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Understanding Students’ Process for Solving Engineering Problems Using Eye Gaze Data

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2014 ASEE Annual Conference & Exposition


Indianapolis, Indiana

Publication Date

June 15, 2014

Start Date

June 15, 2014

End Date

June 18, 2014



Conference Session

Student Learning, Problem Solving, & Critical Thinking 1

Tagged Division

Educational Research and Methods

Page Count


Page Numbers

24.1292.1 - 24.1292.24



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Paper Authors


Youyi Bi School of Mechanical Engineering, Purdue University

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Youyi Bi is a doctoral student in the School of Mechanical Engineering, Purdue University. He obtained his B.S. in Mechanical Engineering and M.S. in Aerospace Manufacturing Engineering both from Beihang University, China. His research interest include decision-making and optimization in mechanical design, ergonomics and computer graphics.

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Tahira N. Reid Purdue University, West Lafayette

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Dr. Tahira N. Reid is currently an Assistant Professor in the School of Mechanical Engineering at Purdue University and is the director of the Research in Engineering and Interdisciplinary Design (REID) Lab. Her research interests include: developing methods to enhance the design process and that support the decision-making of engineers and designers in the design process. Prior to Purdue, she completed a postdoctoral fellowship in the Mechanical Engineering department at Iowa State working in the Interdisciplinary Research in Sustainable (IRIS) Design Lab. In 2010, she received her PhD from the University of Michigan in Design Science, with Mechanical Engineering and Psychology as her focus areas. Dr. Reid received both her BS and MS degrees in Mechanical Engineering from Rensselaer Polytechnic Institute in 2000 and 2004, respectively.

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Eye Gaze Data Reveal Links in Students’ Spatial Visualization Skills and Their Process for Solving Engineering ProblemsIt is well known that the discipline of engineering is among the most challenging fields of studyto embark on. In mechanical engineering courses such as thermodynamics, statics, mechanics ofmaterials and others can be quite challenging for engineering students and have notoriouslybecome known as “weed-out courses”. Several factors can impact students’ ability to solveproblems in these courses, including the ability to visualize the abstract concepts presented tothem. Exams and homework assignments are standard tools for assessing student performanceand understanding; however, they do not always reveal the viewing strategies used by studentsduring problem solving.In the present study, we use a between-subjects experimental design to investigate therelationship between spatial visualization abilities of students and how they go about solvingstatics and mechanics of materials problems that are presented. We employ a non-invasive eye-tracker (Tobii X-60) to record participants’ eye movements during each problem solving task.The eye-mind hypothesis states that people look at what they are thinking about. Participantswere asked to solve several problems from statics and mechanics of materials, and the diagramof each problem was shown on a computer display. Data collected included: participants’fixation time, fixation counts and scan paths of the critical areas of each diagram. The data werecorrelated with students’ performance on the Purdue Spatial Visualization Test, Index ofLearning Styles Questionnaire (based on Felder-Silverman Learning Style Model) and priorperformance in related engineering courses.The results show differences between the conditions tested and provide insight on students’problem-solving strategies and difficulties. These results will give instructors new insights onstudents’ problem solving and viewing strategies and thus can apply appropriate teachingmethods for different students.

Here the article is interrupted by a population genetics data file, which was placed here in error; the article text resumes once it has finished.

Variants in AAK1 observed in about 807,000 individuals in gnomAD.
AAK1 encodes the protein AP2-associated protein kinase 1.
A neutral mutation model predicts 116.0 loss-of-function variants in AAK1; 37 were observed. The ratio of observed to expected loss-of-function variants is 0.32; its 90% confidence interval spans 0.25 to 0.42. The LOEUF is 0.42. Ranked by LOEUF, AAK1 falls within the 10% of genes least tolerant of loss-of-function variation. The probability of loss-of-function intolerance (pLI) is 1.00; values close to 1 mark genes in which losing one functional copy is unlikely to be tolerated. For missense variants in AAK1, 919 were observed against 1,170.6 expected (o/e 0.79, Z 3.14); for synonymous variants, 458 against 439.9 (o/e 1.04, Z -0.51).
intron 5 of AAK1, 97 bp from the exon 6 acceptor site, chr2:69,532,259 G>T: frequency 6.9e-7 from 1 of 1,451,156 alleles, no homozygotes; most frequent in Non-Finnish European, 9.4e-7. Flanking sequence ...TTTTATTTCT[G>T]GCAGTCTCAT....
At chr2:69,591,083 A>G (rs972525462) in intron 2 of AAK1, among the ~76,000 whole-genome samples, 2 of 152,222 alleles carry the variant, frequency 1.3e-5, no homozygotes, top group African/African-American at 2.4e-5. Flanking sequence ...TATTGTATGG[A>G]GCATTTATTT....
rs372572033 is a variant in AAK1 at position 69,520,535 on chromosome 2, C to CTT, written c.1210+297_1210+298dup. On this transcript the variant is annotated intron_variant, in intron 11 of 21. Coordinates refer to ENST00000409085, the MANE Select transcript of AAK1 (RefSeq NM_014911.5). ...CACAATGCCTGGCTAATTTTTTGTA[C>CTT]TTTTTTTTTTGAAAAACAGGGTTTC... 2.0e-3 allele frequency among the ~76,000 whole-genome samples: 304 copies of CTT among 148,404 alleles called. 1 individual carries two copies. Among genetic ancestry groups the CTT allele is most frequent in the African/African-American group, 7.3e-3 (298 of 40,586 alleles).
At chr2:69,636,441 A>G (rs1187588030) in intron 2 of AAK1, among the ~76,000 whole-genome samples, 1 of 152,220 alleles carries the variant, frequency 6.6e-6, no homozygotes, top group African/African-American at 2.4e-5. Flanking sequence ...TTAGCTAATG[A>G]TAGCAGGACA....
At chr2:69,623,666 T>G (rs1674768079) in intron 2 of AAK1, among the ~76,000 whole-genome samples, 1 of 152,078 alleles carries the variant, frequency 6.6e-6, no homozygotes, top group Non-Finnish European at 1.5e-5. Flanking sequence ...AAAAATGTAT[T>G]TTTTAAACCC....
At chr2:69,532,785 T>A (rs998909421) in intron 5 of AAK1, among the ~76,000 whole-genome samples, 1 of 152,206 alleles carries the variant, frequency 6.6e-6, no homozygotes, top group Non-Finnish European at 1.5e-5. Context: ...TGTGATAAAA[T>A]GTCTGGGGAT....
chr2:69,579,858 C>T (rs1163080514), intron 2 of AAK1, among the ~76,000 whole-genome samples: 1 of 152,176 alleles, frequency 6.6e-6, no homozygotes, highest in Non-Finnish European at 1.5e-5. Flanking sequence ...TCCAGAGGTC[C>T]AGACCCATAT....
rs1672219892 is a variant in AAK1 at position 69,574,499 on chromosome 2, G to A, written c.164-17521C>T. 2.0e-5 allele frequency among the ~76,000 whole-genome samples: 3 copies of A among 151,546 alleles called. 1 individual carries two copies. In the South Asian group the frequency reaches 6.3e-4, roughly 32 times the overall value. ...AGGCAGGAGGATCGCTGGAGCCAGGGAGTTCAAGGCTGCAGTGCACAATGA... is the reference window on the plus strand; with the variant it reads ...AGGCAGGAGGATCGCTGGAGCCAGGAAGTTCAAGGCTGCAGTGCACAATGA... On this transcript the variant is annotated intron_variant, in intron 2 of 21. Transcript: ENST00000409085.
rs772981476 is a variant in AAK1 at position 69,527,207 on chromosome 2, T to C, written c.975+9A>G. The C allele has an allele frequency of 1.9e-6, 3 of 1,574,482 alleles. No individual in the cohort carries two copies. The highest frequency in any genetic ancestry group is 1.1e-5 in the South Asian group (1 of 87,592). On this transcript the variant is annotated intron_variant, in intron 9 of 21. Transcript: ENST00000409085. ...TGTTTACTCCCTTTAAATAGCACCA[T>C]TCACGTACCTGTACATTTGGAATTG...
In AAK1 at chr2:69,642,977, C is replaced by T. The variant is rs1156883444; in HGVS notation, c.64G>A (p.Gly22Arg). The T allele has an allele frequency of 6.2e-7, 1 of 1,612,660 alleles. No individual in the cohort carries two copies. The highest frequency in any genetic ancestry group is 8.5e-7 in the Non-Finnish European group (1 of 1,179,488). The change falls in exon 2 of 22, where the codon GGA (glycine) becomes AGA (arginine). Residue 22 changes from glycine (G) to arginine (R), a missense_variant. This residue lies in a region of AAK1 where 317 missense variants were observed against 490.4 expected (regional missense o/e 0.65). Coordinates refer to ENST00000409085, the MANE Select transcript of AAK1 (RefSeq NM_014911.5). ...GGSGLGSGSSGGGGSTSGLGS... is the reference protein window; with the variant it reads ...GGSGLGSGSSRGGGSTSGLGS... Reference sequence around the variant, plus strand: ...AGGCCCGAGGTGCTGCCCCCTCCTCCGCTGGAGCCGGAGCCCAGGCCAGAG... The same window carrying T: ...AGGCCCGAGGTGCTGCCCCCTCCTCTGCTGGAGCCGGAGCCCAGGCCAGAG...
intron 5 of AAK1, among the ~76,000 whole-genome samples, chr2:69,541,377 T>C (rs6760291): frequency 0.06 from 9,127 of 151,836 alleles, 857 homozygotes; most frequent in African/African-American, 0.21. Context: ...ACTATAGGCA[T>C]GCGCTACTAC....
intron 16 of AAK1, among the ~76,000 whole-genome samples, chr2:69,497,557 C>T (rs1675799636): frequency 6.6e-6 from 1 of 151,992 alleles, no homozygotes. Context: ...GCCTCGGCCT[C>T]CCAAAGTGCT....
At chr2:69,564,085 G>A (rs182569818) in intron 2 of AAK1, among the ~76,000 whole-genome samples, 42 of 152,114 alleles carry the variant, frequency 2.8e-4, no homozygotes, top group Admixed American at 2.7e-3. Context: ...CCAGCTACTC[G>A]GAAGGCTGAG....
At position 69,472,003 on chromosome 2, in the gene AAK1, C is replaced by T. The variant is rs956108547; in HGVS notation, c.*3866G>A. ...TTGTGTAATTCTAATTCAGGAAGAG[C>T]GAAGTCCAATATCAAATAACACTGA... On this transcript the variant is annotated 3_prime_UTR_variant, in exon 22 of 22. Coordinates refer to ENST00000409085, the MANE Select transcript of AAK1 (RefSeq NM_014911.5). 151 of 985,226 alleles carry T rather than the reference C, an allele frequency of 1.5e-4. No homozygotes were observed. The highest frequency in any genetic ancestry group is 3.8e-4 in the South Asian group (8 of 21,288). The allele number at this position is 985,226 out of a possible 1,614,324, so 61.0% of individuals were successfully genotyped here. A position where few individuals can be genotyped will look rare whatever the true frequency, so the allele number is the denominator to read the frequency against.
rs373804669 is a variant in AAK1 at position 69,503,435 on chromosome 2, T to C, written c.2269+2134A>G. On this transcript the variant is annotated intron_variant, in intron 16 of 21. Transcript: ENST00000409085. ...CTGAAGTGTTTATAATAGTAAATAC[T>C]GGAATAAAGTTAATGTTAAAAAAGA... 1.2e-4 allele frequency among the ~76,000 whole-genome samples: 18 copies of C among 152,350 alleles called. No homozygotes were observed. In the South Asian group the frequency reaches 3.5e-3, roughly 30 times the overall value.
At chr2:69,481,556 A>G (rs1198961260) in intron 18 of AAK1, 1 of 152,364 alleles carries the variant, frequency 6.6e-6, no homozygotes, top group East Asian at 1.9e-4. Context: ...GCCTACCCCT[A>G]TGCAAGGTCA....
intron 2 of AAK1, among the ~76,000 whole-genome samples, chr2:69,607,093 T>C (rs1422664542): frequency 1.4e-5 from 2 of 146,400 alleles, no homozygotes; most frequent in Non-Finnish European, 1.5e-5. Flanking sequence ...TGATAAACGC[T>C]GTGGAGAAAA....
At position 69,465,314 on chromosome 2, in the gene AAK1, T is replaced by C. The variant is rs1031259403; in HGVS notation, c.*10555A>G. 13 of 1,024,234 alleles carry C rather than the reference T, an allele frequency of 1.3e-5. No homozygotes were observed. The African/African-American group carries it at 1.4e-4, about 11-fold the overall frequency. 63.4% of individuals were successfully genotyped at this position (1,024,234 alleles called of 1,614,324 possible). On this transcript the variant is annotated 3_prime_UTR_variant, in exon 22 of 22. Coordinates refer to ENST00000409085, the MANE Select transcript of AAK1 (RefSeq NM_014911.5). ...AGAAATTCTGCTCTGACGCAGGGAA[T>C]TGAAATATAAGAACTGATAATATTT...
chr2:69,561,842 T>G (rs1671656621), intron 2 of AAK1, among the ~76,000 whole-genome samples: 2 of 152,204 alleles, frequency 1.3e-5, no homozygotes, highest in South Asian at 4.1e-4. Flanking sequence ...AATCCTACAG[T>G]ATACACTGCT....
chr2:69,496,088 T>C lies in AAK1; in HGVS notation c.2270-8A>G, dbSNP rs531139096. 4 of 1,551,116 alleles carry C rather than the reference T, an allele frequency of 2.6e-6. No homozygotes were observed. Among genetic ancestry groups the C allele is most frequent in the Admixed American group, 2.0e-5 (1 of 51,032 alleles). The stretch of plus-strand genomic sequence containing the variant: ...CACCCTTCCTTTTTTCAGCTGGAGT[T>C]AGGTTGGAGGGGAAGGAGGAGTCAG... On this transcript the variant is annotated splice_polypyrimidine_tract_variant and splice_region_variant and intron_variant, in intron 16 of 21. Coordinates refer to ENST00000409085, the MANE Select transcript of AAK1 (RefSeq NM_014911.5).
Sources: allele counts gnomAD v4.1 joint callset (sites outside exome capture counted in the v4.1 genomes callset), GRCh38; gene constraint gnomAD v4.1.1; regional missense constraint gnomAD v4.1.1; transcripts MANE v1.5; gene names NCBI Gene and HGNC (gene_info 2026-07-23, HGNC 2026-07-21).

Bi, Y., & Reid, T. N. (2014, June), Understanding Students’ Process for Solving Engineering Problems Using Eye Gaze Data Paper presented at 2014 ASEE Annual Conference & Exposition, Indianapolis, Indiana. 10.18260/1-2--23225

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